Saturday 3 March 2012

A rant about the (ab)use of words

This had been an exceptionally awful week, so I feel it's ok to write a really grumpy post. Here are a few of my least favourite expressions/grammatical errors:

1. "Passed away". No no NO. People don't pass away when they stop living; they don't "pass" anything. They DIE. That's what they do. Die.
2 "Sat", as in "I was sat" (unless someone really did pick me up and sit me there). "Sitting" is the word, right? Sitting. Not difficult (I have blogged about this before, and so have others, but it is infuriating). This mistake is (shockingly) used by, among others, many newsreaders, journalists and novelists.
3. "I was, like," for "I said". Where on EARTH did that come from? It uses up more words, too, so you can't say it's lazy.
4. "Vulnerable". This is a digression, because I'm talking about pronunciation here. No-one, but no-one, ever seems to pronounce the first L. Thus we have "vunerable", which just sounds sloppy.
5. First and third persons used instead of each other ("me and Kevin are digging the allotment" *; "he gave the elephant to my friend and I").
6. "Nanny" as a pet name for a grandmother. I know lovely people who opt to be called this, but to me, it sounds like a goat. Likewise, twee names for a grandmother, such as Mimsy or Flumpsy or anything else you care to think of.

I think those will do to be getting on with, and I hope no-one who knows me and who uses any of these expressions, will take offence. None is intended.

Now, which words/ expressions do you dislike most?

*I don't know anyone called Kevin, and I don't have an allotment. Neither, come to that, do I own an elephant. These are merely examples.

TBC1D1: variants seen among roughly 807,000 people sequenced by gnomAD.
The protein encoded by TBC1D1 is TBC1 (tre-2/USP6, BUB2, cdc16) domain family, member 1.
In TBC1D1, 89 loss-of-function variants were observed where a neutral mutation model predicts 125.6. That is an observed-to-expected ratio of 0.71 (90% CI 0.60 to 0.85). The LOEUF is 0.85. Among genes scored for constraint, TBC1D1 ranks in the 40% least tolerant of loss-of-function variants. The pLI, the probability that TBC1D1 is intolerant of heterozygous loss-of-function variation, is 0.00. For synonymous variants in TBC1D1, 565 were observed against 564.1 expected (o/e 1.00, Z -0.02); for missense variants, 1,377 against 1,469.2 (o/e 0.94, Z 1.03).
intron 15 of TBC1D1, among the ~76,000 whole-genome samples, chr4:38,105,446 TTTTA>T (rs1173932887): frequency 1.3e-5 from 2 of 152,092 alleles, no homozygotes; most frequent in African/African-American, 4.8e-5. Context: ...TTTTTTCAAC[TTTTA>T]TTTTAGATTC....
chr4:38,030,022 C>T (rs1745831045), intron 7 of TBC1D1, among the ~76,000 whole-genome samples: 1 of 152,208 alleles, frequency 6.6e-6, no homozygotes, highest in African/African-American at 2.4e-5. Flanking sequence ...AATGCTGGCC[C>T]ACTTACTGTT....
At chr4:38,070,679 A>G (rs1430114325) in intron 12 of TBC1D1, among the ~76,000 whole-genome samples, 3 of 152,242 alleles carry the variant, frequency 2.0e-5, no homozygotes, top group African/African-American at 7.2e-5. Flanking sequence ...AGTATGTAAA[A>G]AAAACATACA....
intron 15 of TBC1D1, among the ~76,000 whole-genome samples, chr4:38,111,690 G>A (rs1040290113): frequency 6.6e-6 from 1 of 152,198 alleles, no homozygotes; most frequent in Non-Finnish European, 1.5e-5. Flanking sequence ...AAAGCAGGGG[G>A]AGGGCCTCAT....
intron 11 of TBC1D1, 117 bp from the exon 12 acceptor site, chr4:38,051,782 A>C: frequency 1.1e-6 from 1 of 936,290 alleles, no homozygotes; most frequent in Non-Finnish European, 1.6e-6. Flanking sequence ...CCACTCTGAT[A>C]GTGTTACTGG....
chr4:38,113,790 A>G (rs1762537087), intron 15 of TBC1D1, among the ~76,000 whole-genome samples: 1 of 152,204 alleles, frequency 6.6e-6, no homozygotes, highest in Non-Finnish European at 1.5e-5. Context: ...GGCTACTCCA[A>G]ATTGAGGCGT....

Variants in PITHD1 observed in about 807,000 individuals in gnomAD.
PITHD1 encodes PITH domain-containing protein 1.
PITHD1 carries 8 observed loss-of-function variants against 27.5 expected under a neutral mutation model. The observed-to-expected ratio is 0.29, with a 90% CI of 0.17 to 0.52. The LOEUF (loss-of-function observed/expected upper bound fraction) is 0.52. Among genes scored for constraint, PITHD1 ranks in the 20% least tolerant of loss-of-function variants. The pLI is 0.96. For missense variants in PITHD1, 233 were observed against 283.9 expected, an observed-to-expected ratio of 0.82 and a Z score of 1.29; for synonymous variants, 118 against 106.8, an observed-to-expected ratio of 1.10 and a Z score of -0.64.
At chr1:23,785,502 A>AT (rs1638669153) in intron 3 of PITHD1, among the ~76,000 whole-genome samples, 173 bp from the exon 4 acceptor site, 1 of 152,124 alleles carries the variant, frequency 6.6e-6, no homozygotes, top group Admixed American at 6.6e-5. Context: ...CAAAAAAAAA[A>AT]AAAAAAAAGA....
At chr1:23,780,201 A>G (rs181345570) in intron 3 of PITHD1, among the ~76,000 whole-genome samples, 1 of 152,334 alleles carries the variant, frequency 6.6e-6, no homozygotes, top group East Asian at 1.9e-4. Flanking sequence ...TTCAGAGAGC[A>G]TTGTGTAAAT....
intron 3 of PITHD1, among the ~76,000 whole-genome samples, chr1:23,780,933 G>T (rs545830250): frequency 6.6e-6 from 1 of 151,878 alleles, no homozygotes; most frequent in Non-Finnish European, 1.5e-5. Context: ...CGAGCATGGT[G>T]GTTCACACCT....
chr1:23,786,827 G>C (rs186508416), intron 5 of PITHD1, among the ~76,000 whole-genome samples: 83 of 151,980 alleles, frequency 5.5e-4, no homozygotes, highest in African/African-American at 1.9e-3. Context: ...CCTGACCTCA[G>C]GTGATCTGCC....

1. Good job you stated that Kevin, the allotment and the elephant are mere examples - otherwise, we'd all start to expect "Elephant Diaries" from now on!
    The "like" bit is one I detest, too. It sounds so unnatural, and I guess most of the time, it is a way of speaking that people assume from their favourite TV series.

  2. I'm so sorry you've had an awful week, Frances.

    I don't mind people passing away.
    I saw an example of 2 on the Daily Mail website today and thought of you.
    And I dislike the "like" thing too.

    I burst out laughing at Flumpsy! I'm Grandma and sometimes wish I had been Nanny, but from now on I shall think of goats and be happy being Grandma :-)

    I really hate it when people say "Haitch" instead of aitch.

  3. I hate the misuse of the word "myself" — "they gave it to Lindy and myself"! It has become common usage in North America and makes me crazy. I've yet to hear someone say, "Please give some to myself" but, when they do, I will move to a different continent.
    My paternal grandparents were "Grandma and Grandpa" so my mother thought "Granny and Gramps" would be appropriate for her parents. I, however, as firstborn and knowing nothing whatsoever of goats when I started talking, pronounced them "Nanny and Bamps" and that's who they were for 40 years. I'm grateful to have had them for 40 years, and would have loved them even if they had wanted me to call them Mabel and Clinton.

  4. Sorry you've had a bad week.

    Yesterday I heard someone on TV (think it was the voice that does those awful what's coming next links) say someone did something 'merslessly'. That's not a word! If the man didn't know how to say mercilessly then he should have said something else - or, better still, shut up.

    Oh, seems grumpiness is catching!

  5. Elephant there's an idea. All i need now is the elephant.

    Oh Teresa - I so agree about haitch. John particularly goes mad every time he hears is.

    Kay, you're right! That use of " myself" is sooooo ignorant!

    Patsy, grumpiness may be catching, but not as much so as poor and lazy pronunciation. We writers are, of course, perfect (I could have said " us writers" , of course!) .